Learning to support local fishing
A four-week special study at our church looking into the future of our oceans concluded on Wednesday, Nov. 17 with a discussion about how communities can support their local fishermen.
The next step will be to determine how the Cape Elizabeth United Methodist Church congregation, along with friends and families from the Cape and surrounding communities, can utilize lessons learned during the four weeks of discussions and turn them into a realistic plan.
The final night of discussions centered on CSFs (Community Supported Fisheries), led by Anne D. Burt from the Maine Council of Churches and supported by Tracy Pearce, the wife of a fisherman from North Yarmouth.
CSFs are based on communities coming together to purchase shrimp and fish directly from local fishermen and having the shrimp and/or fish delivered once a week for a specified amount of time.
CSFs are relatively new, but are modeled after Community Supported Agriculture (CSA) programs.
The First Universalist Church in Rockland, Maine, working with the Northwest Atlantic Marine Alliance, in 2007 began the first CSF in New England in the Port Clyde area. Members of the congregation and others in the community purchased shares to buy shrimp from local fisherman, a program that in later years expanded to the purchase of fish.
Now the next step:
After the four-week Fishes and Loaves series of discussions at our church, the possibility of establishing a CSF associated with the CEUMC is being explored. On the final night of the discussions Anne Burt, Tracy Pearce and Rev. Ruth Morrison led discussions on how it could happen — getting church members and area residents to purchase shares to support the catch of Cape Elizabeth-area fishermen.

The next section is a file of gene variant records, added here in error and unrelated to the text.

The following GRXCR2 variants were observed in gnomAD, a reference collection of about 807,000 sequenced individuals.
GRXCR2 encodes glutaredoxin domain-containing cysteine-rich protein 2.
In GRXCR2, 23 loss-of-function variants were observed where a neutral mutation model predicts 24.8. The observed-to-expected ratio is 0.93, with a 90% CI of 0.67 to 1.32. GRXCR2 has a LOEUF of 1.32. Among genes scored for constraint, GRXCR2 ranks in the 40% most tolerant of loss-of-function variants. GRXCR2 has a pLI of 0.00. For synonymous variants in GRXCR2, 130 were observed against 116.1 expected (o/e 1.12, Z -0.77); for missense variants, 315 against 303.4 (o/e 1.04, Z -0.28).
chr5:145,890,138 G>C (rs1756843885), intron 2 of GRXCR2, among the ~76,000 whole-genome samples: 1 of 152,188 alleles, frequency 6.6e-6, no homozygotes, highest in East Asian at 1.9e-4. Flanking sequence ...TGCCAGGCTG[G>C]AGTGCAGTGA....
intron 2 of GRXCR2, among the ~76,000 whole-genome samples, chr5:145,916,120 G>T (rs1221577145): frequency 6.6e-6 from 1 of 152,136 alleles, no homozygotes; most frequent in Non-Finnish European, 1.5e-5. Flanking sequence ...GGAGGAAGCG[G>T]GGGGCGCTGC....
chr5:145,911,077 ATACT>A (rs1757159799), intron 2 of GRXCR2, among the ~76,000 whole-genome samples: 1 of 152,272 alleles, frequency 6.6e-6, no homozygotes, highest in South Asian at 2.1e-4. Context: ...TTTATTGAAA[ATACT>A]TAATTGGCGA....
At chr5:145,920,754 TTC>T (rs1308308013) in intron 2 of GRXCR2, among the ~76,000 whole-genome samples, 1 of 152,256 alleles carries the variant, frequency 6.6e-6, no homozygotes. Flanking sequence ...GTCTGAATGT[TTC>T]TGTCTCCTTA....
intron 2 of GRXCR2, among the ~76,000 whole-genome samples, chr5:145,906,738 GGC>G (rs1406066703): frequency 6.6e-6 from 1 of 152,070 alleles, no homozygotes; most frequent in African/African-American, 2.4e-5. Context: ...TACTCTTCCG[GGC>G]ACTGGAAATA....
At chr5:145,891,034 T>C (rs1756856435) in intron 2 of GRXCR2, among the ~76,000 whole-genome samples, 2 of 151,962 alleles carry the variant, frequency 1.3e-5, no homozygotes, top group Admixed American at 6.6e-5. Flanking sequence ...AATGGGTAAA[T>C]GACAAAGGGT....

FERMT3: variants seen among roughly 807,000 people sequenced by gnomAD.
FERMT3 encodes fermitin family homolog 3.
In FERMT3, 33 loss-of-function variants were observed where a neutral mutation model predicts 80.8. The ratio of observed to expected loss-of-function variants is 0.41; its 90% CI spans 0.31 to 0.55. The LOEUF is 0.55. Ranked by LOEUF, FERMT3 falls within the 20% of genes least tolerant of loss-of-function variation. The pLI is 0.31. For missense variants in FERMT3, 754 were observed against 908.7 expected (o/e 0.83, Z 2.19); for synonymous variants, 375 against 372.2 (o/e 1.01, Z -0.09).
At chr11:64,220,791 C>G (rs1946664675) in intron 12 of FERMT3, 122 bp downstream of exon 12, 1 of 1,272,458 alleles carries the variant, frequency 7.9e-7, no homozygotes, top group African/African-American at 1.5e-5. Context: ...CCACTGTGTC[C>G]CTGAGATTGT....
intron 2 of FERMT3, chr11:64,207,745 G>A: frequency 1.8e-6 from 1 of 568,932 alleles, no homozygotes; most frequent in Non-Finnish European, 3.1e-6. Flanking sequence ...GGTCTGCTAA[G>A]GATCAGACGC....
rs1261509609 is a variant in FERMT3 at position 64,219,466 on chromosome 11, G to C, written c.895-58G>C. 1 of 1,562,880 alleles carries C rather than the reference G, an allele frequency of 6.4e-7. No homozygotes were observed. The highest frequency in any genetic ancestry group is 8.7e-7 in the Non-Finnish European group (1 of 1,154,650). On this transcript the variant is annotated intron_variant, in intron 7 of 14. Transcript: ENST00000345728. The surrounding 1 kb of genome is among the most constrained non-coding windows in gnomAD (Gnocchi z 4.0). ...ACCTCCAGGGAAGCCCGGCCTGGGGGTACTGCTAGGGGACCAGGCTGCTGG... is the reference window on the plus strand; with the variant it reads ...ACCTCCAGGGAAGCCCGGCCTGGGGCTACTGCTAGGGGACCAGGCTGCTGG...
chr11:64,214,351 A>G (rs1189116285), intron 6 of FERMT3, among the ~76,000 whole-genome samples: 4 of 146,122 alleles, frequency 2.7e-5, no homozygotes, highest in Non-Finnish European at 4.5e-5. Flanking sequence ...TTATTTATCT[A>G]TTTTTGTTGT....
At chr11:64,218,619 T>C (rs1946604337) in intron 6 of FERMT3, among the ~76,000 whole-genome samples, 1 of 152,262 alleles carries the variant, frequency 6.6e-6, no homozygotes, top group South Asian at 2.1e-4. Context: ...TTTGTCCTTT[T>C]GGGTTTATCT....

The Maine shrimp season begins on Dec. 1 and it was discussed that a CSF could be put into place in the first quarter of next year for the purchase of shrimp. Tracy Pearce will be checking with local fishermen and Ruth Morrison will be weighing the interest of the congregation to determine whether a CSF could become a reality.
There currently are no CSF programs in the Portland area.
To learn more about the CSF shares offered by the First Universalist Church in Rockland, click here: CSF
The four-week Fishes and Loaves study and reflection at our church on our oceans was sponsored by the Maine Council of Churches and analyzed how our oceans and fishing communities — like ours — are being affected by environmental changes and state/federal public policies.
The group that gathered at CEUMC on Oct. 27 had the opportunity to reflect on their own experiences with the ocean, in addition to viewing the film. Eric Smith, associate director of the Maine Council of Churches, led some of the discussions and Rev. Ruth Morrison hosted the event.
The second week was led by Mark Green, a marine science professor at St. Joseph’s College. Dr. Green discussed ocean acidification and its impact on Maine shellfish and sea life, based on his own studies.
The third week focused on the state of today’s fishing grounds, concerns over over-fishing, and the challenges facing fishermen and lobstermen based on ever-changing regulations and policies.
Each gathering has included members of our church and other churches, and members of the Cape Elizabeth community, including a local fisherman.